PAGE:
Lessons from Writing my First Manuscript
I knew I wanted to start my own Fantasy series after I began my Junior year at college. I was pursuing my English degree and thought, “I can do this. I don’t know how well I can do compared to my heroes, but I can write, and I’m fairly confident I can build my own world.” And my confidence wasn’t unreasonable. I had written published pieces and my writing had been praised by peers and professors, not just family and friends. But I had never written anything as complex as a novel, nor had I ever tried to bring readers into a fantastic world of my own creation. Trying to do both at the same time meant I had to face the first-time challenges of both simultaneously.
Believe it or not, it was actually the Fantasy element that gave me the most trouble. I wrote myself into a corner in my first attempt about 70% of the way through. I couldn’t even reasonably get to the climax of the story without breaking rules of the world I had created or having characters act completely contrary to how I had portrayed them to that point, with no reason for the change or opportunity for growth. I tried to go back and fix things to get back on track, but that just made things more muddled and confusing. At last, I scrapped the manuscript entirely.
It wouldn’t be until my third attempt that I finally wrote a draft that was sound both in both plot and character development, as well internally consistent. However, now knowing what it takes and what works for me, I know for a fact I could sit down and write my second right away (in fact, I have already started). All that time spent in frustration and confusion was just a necessary part of discovering my writing process. As we all know, there is no one way that works for all writers, but there are some recommendations I feel will benefit anyone trying to finish their first novel.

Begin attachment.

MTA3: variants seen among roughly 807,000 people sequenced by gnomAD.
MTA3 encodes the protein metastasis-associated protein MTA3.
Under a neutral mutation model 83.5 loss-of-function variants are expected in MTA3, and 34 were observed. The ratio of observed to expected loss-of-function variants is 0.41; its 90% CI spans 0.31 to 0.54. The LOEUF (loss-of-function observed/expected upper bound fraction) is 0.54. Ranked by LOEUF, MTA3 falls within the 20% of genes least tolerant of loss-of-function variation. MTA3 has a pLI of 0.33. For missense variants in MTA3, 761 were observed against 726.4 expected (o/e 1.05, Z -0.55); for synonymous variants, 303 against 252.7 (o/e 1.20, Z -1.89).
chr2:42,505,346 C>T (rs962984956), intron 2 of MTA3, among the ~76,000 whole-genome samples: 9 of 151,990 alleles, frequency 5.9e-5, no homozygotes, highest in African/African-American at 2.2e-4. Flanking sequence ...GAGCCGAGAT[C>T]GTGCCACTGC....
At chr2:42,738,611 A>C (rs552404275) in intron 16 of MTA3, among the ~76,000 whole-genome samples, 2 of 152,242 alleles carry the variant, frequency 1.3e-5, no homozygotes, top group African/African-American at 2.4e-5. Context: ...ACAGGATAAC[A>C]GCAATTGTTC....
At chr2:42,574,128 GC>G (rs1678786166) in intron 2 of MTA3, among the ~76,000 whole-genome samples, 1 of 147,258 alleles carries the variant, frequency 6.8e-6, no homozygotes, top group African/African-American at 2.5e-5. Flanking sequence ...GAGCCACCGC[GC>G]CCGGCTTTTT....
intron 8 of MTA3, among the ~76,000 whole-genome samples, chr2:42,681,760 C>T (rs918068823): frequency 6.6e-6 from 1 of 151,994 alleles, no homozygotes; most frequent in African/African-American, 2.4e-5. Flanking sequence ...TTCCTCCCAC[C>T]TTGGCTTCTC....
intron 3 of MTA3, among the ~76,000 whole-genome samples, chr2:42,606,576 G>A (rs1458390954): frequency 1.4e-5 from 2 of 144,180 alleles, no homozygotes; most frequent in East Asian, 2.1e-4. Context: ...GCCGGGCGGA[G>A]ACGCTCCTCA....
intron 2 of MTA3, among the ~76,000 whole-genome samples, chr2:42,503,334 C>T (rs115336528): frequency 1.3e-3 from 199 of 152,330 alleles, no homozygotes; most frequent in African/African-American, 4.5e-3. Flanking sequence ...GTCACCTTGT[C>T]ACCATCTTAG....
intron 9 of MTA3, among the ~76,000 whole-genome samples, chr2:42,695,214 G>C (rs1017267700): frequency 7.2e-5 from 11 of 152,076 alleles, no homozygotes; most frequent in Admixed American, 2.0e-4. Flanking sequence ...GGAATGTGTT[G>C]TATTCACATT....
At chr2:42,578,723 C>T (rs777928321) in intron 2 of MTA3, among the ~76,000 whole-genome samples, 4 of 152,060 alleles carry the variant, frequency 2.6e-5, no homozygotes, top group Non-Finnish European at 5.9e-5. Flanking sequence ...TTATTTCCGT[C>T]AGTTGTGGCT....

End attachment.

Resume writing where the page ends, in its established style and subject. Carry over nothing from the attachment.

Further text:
1. Find the setup and tools that work best for you
For me, that is the writing software from Literature and Latte, Scrivener (found here). For Fantasy writers, this is an absolute must to keep your world organized. But it’s also great for writers who are doing a lot of research or have a lot of characters and complicated plots. For example, I had three groups of characters that were separated, and being able to quickly find scenes by short descriptions in the corkboard view, and then drag and drop them (or entire chapters) all over my manuscript until I found the perfect flow and pacing was invaluable. I was also able to keep all my character sheets and locale descriptions in a separate “Research” folder so I could quickly glance down at them without ever having to go hunt for separate files. Finally, at only $45, it’s a steal for all the compiling and publishing options alone (Book Baby, who I will be using, wanted to charge me $50 to format it for all the various e-readers. No thanks!). It’s available for both Mac and Windows, as well as iOS, so it’s useable for 99% of us that write using a digital workspace. With the upcoming release of Scrivener 3 later this year, it’s only getting better. However, since that will be a paid update (most Scrivener updates are free) you may want to check if Keith (lead developer for L&L) is going to be offering a program that lets new buyers upgrade for free.
2. How to Solve Writer’s Block: WRITE! (But change what you write based on the cause)
I know it sounds counter-intuitive that writing solves writer’s block, but it has been a consistent cure for me. I can hear the protests now though, “But I can’t write anything but trash now! I don’t want to have to rewrite everything in my novel that I do today!” Well, don’t write in your novel. Work on another project. A blog, another story (I’ve noticed that writer’s block often is tied to the project, not the writers themselves), anything to get the gears turning again. Unless of course your writer’s block is caused by something else…